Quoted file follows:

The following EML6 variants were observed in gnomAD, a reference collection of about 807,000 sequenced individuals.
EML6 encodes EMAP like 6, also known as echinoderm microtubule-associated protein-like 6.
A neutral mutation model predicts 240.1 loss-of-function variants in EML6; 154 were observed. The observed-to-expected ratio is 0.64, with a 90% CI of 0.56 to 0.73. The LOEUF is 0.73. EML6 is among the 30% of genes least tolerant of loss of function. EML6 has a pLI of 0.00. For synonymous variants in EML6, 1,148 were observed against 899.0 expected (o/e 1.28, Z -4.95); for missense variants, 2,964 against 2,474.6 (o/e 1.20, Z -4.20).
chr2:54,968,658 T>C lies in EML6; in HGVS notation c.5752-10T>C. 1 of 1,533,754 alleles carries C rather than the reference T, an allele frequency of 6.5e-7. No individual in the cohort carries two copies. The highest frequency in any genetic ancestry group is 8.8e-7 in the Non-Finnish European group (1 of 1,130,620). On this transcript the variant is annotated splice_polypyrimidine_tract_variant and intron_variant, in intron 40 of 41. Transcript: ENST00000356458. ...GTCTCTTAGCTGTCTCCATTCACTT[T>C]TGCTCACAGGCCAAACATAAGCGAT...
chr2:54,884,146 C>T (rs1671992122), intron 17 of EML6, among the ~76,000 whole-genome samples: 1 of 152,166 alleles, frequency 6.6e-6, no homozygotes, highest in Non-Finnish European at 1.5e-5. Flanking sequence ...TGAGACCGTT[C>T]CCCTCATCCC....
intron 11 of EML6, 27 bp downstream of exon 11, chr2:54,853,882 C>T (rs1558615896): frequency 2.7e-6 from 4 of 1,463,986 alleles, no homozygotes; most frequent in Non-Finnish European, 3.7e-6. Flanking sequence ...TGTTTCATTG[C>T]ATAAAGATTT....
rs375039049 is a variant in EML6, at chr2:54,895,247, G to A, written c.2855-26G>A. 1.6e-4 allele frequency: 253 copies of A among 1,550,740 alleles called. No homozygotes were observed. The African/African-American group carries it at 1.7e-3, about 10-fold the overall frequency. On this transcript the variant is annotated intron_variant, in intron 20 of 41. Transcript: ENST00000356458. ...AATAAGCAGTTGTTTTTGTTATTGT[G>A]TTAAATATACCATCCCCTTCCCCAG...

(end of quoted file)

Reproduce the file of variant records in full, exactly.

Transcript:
The following EML6 variants were observed in gnomAD, a reference collection of about 807,000 sequenced individuals.
EML6 encodes EMAP like 6, also known as echinoderm microtubule-associated protein-like 6.
A neutral mutation model predicts 240.1 loss-of-function variants in EML6; 154 were observed. The observed-to-expected ratio is 0.64, with a 90% CI of 0.56 to 0.73. The LOEUF is 0.73. EML6 is among the 30% of genes least tolerant of loss of function. EML6 has a pLI of 0.00. For synonymous variants in EML6, 1,148 were observed against 899.0 expected (o/e 1.28, Z -4.95); for missense variants, 2,964 against 2,474.6 (o/e 1.20, Z -4.20).
chr2:54,968,658 T>C lies in EML6; in HGVS notation c.5752-10T>C. 1 of 1,533,754 alleles carries C rather than the reference T, an allele frequency of 6.5e-7. No individual in the cohort carries two copies. The highest frequency in any genetic ancestry group is 8.8e-7 in the Non-Finnish European group (1 of 1,130,620). On this transcript the variant is annotated splice_polypyrimidine_tract_variant and intron_variant, in intron 40 of 41. Transcript: ENST00000356458. ...GTCTCTTAGCTGTCTCCATTCACTT[T>C]TGCTCACAGGCCAAACATAAGCGAT...
chr2:54,884,146 C>T (rs1671992122), intron 17 of EML6, among the ~76,000 whole-genome samples: 1 of 152,166 alleles, frequency 6.6e-6, no homozygotes, highest in Non-Finnish European at 1.5e-5. Flanking sequence ...TGAGACCGTT[C>T]CCCTCATCCC....
intron 11 of EML6, 27 bp downstream of exon 11, chr2:54,853,882 C>T (rs1558615896): frequency 2.7e-6 from 4 of 1,463,986 alleles, no homozygotes; most frequent in Non-Finnish European, 3.7e-6. Flanking sequence ...TGTTTCATTG[C>T]ATAAAGATTT....
rs375039049 is a variant in EML6, at chr2:54,895,247, G to A, written c.2855-26G>A. 1.6e-4 allele frequency: 253 copies of A among 1,550,740 alleles called. No homozygotes were observed. The African/African-American group carries it at 1.7e-3, about 10-fold the overall frequency. On this transcript the variant is annotated intron_variant, in intron 20 of 41. Transcript: ENST00000356458. ...AATAAGCAGTTGTTTTTGTTATTGT[G>A]TTAAATATACCATCCCCTTCCCCAG...